TikTok's Shoplifting Trend Is Problematic — But The Issue Goes Deeper Than Theft

There's a shoplifting epidemic, and TikTok doesn't seem to be helping.

Shoplifting, cost of good going up PeopleImages, MART PRODUCTION, JLGutierrez, Изображения пользователя SERSOL | Canva

There are whispers and murmurs in the corporate retail world that there’s a shoplifting epidemic on the rise. According to the National Retail Federation’s (NRF) annual survey that includes around 60 retail companies, shrink, another word for merchandise loss, has increased in recent years, and researchers are attributing that spike in loss to theft.

Coincidentally, shoplifting seems to be a growing trend on TikTok. As social media users try to skirt around the app’s guidelines, the search for “borrow tip and tricks” has amassed over 8.9 billion views, all filled with videos of people “borrowing” and giving tips on how to do it.


The TikTok shoplifting trend is problematic but goes much deeper than theft.

Shoplifting is against the law. “Thou shalt not steal” is one of the ten commandments in the bible. Theft and robbery of consumer goods could even turn into a felony depending on the value of what’s being stolen — it’s a big no-no, and we’ve all grown up understanding that it’s a bad thing. So why do people steal?

Surely, people aren’t stealing just because people are posting videos about it on TikTok? Trends like the #DeviousLick challenge might tell you otherwise. 

RELATED: Doctor Who Grew Up On Food Stamps Responds To Woman Concerned That Her Tax Dollars Pay For The Program


But there are many reasons someone might resort to stealing goods, and one of them is they had no other choice.

According to a new Mind over Money survey by Capital One and The Decision Lab, more than three in four Americans (77%) report feeling anxious about their financial situation. Americans are concerned about their financial futures, with 56% of Americans worrying about how they’re going to keep up with the cost of living.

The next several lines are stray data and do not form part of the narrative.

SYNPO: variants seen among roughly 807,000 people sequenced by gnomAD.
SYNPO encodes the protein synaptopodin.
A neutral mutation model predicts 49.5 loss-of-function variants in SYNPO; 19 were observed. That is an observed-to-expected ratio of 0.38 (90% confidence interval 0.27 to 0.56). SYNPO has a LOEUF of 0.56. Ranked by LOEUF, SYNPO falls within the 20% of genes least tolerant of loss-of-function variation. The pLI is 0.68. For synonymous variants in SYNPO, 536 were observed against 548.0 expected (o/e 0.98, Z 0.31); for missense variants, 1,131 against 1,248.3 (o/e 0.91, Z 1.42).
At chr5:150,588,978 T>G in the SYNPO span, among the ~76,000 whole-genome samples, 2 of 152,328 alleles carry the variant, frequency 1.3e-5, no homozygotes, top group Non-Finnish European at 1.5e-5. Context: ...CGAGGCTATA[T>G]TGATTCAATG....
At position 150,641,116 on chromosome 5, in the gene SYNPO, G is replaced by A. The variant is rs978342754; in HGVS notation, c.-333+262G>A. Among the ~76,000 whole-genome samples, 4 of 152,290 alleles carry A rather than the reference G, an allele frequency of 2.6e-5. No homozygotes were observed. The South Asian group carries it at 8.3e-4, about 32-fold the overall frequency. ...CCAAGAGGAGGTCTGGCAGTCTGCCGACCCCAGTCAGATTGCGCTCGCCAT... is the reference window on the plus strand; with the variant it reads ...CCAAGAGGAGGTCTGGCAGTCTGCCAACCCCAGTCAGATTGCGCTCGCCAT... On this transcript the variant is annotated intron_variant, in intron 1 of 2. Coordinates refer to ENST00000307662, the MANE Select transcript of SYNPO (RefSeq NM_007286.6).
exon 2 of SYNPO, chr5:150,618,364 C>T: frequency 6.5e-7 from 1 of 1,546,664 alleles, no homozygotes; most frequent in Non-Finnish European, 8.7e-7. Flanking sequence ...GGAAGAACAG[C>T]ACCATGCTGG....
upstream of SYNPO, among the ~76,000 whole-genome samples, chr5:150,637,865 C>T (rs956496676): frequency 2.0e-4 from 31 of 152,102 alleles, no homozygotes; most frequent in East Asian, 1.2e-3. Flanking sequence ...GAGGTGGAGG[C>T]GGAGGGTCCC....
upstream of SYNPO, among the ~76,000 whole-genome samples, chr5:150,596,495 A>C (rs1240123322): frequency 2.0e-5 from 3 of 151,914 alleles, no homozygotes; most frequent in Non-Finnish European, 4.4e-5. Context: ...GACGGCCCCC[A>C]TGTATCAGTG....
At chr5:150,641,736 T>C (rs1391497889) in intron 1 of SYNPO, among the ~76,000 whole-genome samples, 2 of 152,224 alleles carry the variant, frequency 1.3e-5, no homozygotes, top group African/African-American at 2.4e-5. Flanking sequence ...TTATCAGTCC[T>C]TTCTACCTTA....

Many people don’t. In 2021, the official poverty rate in the US was 11.6 percent, meaning 37.9 million people are living in poverty. Inflation and the cost of living have continued to rise as wages continue to stagnate and companies refuse to increase worker compensation to adjust.

Not only that, but the laws surrounding shoplifting have gotten far more lax in recent years as well.



RELATED: After A Single Mom On Government Assistance Is Offered A Promotion, She Does The Math & Realizes She Can't Afford To Make More Money


People may be stealing because it’s simply easier to do it now.

According to the NY Post, many experts believe that because of a law that was passed in New York City in 2014 — the Prop 47 Law which states that robbery isn’t a felony until the value of items stolen totals $950 — people have found it easier to steal.

Thanks to large movements and yells to “defund the police,” there’s also an idea that the police have resigned themselves from doing their jobs. The city also has a “catch and release” stance on crime which means that there’s no longer bail for crimes, including petit larceny.

In July 2023, a CVS employee stabbed a serial shoplifter to death after being punched during a theft in Midtown Manhattan. Minority Leader Joe Borelli spoke with The Post, and said “I’m sorry the man died. But I cannot exist in a world where we pretend that endemic theft without consequence can continue in perpetuity,” hoping to get some help with the NYC District Attorney on how to solve this supposed increase in shoplifting.

RELATED: Concerned Neighbors Successfully Rally To Find Mother Who Was Filmed Dragging Her 9-Year-Old Daughter By Her Hair


In 2021, shrink hit $94.5 billion, up 4% from 2020, but a 53% spike from 2019. However, on average, the shrink rate as a percentage of sales has actually decreased to 1.4% in 2021, down from 1.6% in 2022.

These numbers suggest that there isn’t really a shoplifting epidemic, but the nature of TikTok has placed the idea of it at the forefront of our minds. The shoplifting trend is problematic and no one should be breaking the law, but it’s important to understand the reasoning behind people who feel like they have nowhere else to go.

RELATED: Retail Worker Shares The Outfits Her Job ‘Dress Coded’ Her For — And The Exact Reasons Why


Isaac Serna-Diez is an Assistant Editor for YourTango who focuses on entertainment and news, social justice, and politics.